Teachers and students at Coxhoe Primary School in Durham are big fans of interactive books. "The pupils find them really engaging," says headteacher Stephen Jones. "Children are using ICT at home and there's an expectation that learning should involve some form of interactivity with educational media."
Coxhoe Primary, which has 213 pupils aged four to 11, uses interactive books across the school curriculum, including literacy, numeracy, science and maths activities. "In maths, we use interactive books with stories and rhymes that get across various maths concepts," explains Mr Jones.
Digital interactive books arrived on the back of CD-ROM technology. The CD-ROM's vast capacity meant that text, sound, pictures, video and animation could be blended onto a single disc, enabling users to control what was happening onscreen.
John Trushell, a principal lecturer at the University of East London, has conducted extensive research on the use of interactive books in education. He says the best offer cued animation and sound effects, which give users the opportunity to pause, reflect and engage with what they are seeing.
"The sound and animation should supplement the text - for example, by helping to explain a character," he says. Not all interactive books offer this, however. "Some effects are merely incidental, like an object that becomes animated simply to entertain the user. This is what I call 'eye candy'."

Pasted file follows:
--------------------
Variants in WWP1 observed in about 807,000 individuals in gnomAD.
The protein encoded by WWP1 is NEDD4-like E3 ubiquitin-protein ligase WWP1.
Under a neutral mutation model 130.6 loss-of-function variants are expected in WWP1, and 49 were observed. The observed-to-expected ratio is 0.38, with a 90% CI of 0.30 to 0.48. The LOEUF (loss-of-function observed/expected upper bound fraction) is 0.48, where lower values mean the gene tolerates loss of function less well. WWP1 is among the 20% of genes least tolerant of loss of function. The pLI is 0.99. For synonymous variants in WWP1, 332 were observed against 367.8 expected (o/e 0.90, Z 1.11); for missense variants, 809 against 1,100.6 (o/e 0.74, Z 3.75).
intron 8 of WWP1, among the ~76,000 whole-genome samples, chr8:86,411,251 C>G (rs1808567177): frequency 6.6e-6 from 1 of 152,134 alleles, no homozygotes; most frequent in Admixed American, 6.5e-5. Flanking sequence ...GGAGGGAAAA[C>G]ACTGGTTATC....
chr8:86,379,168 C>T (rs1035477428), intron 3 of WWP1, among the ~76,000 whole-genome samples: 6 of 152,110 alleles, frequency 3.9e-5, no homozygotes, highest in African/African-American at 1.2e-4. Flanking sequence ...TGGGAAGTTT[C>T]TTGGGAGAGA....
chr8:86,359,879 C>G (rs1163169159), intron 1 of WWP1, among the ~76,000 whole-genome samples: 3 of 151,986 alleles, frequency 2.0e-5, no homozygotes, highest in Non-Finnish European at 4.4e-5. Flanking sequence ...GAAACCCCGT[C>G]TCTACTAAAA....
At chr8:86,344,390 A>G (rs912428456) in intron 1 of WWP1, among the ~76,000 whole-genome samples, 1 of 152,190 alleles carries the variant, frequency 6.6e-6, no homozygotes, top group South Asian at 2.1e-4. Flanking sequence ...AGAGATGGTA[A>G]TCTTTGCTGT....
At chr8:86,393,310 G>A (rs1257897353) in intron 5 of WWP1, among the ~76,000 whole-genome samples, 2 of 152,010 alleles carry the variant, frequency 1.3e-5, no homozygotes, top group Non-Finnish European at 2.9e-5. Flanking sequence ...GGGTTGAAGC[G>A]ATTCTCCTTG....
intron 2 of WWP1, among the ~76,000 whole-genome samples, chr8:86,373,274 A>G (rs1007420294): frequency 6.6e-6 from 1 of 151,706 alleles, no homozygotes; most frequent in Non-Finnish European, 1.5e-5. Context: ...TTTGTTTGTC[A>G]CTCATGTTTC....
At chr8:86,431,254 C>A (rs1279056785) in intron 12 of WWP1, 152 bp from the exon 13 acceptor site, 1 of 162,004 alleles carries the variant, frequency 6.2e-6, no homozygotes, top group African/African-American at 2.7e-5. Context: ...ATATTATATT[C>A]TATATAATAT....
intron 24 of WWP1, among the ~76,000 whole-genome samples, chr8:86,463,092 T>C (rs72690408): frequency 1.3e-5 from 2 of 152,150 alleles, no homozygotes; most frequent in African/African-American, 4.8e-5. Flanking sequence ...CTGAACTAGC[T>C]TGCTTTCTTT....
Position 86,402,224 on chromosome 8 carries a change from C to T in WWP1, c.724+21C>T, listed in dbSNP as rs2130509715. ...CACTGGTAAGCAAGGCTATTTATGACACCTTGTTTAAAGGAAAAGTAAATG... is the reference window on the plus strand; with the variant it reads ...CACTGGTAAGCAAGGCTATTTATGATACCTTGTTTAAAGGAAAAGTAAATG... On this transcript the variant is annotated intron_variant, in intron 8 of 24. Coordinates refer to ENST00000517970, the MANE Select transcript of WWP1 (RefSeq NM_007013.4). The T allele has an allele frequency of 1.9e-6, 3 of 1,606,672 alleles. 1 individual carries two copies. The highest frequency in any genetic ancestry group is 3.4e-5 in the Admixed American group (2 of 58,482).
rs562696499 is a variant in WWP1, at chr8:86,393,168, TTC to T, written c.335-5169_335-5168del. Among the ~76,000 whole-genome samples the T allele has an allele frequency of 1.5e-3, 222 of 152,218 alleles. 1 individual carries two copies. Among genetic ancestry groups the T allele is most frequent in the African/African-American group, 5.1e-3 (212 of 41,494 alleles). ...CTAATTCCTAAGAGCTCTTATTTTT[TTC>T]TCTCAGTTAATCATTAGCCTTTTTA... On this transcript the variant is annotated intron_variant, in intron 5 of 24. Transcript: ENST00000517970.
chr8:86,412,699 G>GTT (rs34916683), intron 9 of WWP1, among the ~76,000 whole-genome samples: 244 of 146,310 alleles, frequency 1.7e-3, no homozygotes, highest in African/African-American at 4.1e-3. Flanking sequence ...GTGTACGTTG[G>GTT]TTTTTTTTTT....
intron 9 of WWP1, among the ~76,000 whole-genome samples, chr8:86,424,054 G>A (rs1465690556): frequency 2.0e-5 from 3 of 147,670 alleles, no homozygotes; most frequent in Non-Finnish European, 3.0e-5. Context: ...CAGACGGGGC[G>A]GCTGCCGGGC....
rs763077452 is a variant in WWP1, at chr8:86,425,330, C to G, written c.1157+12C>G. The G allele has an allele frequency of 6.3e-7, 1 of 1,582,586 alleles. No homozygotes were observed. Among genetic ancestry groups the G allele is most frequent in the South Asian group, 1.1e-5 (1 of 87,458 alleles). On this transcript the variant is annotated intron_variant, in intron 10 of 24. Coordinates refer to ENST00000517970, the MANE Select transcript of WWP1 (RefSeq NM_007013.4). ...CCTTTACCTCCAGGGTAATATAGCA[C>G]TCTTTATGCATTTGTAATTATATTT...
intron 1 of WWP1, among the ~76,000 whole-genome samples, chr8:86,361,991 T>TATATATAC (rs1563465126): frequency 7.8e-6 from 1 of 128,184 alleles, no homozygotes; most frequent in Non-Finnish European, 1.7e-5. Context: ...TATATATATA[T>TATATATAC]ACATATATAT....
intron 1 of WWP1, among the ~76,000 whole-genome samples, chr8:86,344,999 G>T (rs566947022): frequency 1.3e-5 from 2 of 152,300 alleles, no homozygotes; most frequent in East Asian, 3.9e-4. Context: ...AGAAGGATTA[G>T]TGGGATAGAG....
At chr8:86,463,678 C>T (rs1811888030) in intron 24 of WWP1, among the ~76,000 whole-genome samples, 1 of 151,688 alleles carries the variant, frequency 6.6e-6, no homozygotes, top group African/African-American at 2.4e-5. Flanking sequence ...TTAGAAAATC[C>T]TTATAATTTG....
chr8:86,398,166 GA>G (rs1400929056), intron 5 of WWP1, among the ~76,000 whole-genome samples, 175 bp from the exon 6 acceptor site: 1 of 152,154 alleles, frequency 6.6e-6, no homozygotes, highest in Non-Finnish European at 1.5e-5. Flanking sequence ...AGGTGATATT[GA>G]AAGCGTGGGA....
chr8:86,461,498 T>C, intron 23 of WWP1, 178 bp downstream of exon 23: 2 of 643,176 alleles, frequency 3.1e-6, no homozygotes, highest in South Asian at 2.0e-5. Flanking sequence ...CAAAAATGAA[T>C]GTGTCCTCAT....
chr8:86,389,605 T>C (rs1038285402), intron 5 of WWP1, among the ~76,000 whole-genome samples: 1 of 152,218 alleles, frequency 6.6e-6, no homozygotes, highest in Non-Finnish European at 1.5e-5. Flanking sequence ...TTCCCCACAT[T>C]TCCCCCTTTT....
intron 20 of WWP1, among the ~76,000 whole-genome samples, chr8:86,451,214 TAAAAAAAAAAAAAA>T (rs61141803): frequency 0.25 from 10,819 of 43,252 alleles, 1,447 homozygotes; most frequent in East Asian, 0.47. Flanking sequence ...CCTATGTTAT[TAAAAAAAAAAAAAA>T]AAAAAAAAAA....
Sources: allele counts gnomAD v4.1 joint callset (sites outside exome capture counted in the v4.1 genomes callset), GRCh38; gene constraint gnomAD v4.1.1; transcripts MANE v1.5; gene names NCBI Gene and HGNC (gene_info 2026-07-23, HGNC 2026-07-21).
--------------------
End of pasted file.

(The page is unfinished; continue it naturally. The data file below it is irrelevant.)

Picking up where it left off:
Thankfully, though, this is becoming increasingly rare as teachers and students become more discerning users of digital media. Teacher forums and organisations such as Teem (Teachers Evaluating Educational Multimedia) also provide useful information on interactive book titles that effectively utilise multimedia. Many of Teem's evaluators are practising teachers, who provide real-world assessments of educational resources.
Even so, some teachers are still unsure about the potential of interactive books, preferring the reassurance of using print editions. But Mr Jones stresses that using interactive books is just one further way of adding variety to teaching methods.
"We use printed books as well," he adds. "Interactive books are just another tool in the educational toolkit." A well-designed interactive book, used correctly, can enhance learning and teaching. One of the biggest benefits is the ability for users to control the depth, pace and direction of their learning. Audio and video features can help improve pupil understanding and make topics more interesting or engaging.
While interactive books can still be used on CD-ROM, many teachers now use them with an interactive whiteboard for group activities. "The whole class can follow the teacher and a teacher can highlight key words or use links to display other information. It's a lot more effective than the teacher reading from a book and the pupils trying to follow the text from their own book," says Mr Jones.
He adds that the non-linear nature of interactive books also helps to improve pupils' ICT skills. "We've found that using interactive books has helped pupils learn how to use search engines."